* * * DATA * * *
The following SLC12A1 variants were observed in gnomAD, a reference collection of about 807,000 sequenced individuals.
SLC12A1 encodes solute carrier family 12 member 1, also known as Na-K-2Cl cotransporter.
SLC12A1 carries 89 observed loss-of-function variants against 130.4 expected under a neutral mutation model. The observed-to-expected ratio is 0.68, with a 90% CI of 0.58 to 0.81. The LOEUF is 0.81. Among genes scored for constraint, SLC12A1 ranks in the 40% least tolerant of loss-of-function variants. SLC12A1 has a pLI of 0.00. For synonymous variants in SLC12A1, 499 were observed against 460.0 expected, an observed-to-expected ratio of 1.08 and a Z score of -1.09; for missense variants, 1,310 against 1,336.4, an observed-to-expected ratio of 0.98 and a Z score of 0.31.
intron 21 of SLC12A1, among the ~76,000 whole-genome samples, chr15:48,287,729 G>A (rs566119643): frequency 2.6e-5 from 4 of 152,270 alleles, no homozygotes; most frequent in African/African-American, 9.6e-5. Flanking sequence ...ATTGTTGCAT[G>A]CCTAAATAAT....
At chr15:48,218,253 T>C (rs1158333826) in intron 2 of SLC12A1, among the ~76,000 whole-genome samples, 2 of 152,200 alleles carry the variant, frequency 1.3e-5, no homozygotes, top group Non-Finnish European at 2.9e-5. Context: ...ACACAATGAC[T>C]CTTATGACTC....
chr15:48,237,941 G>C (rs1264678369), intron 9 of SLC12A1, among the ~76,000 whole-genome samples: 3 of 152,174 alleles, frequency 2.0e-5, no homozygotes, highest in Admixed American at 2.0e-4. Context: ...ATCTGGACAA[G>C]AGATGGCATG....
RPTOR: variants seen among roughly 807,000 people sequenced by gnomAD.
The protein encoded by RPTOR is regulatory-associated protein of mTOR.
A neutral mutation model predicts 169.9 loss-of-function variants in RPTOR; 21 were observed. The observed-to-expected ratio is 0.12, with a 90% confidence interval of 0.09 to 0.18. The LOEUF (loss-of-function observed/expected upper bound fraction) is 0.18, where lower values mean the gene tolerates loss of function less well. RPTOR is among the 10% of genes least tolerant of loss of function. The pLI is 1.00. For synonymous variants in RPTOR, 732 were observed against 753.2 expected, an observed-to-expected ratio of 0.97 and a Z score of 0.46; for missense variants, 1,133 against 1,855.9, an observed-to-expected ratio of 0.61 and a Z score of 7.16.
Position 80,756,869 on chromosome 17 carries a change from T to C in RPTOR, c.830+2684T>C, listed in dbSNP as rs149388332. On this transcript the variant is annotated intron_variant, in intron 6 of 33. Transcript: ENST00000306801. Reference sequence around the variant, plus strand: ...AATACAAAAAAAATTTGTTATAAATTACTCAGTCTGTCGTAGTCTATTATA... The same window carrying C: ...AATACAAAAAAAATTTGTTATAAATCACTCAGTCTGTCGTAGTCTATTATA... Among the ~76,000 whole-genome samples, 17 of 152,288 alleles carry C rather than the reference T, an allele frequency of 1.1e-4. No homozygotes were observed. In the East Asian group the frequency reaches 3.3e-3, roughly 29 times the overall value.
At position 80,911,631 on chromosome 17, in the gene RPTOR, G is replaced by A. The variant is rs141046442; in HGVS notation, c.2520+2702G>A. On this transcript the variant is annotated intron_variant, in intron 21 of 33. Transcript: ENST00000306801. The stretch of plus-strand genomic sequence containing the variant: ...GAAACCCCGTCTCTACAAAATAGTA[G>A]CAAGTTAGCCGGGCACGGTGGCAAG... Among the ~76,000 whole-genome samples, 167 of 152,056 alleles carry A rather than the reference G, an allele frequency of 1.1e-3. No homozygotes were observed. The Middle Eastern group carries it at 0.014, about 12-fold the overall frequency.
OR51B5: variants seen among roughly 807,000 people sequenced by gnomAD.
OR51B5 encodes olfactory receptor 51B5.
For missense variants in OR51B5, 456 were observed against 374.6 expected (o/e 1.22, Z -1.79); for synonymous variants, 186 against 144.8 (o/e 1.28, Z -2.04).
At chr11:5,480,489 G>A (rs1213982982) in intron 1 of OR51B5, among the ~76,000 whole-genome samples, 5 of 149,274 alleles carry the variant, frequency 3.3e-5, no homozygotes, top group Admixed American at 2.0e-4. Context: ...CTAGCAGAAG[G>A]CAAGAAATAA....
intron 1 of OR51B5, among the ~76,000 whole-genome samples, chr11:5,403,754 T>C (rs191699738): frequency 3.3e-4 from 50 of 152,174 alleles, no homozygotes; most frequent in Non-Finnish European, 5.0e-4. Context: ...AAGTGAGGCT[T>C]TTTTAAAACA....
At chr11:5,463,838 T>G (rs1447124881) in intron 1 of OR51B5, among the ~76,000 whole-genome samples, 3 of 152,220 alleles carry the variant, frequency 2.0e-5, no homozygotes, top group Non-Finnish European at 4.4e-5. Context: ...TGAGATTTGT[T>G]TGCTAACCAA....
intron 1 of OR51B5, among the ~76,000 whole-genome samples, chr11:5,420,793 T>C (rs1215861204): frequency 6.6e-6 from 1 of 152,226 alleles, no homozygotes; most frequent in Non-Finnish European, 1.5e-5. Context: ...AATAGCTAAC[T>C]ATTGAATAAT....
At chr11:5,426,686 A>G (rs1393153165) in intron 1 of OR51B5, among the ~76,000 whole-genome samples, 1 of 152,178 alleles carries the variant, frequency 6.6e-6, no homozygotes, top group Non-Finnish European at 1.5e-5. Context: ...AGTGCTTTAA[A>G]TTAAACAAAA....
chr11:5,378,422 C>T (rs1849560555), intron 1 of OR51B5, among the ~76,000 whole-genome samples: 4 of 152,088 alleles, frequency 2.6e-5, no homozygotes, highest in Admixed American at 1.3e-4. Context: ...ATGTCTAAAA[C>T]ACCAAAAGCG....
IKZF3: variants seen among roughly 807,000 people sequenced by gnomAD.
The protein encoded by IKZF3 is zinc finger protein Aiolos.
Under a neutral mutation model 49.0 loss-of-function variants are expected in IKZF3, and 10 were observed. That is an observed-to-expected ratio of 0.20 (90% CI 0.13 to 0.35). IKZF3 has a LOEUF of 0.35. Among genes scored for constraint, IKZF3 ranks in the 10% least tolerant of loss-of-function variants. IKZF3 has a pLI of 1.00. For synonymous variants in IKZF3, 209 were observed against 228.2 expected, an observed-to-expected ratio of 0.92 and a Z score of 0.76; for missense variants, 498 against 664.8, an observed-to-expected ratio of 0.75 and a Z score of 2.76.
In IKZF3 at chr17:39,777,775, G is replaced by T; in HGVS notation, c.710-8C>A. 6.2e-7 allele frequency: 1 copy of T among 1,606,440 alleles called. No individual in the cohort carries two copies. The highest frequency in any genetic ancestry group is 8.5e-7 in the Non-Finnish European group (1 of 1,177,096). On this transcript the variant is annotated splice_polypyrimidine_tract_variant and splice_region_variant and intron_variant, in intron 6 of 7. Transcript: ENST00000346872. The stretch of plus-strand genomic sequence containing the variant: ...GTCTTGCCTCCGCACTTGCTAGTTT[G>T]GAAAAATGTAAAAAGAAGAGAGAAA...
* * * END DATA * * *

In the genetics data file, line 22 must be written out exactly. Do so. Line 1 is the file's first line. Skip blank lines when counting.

The protein encoded by IKZF3 is zinc finger protein Aiolos.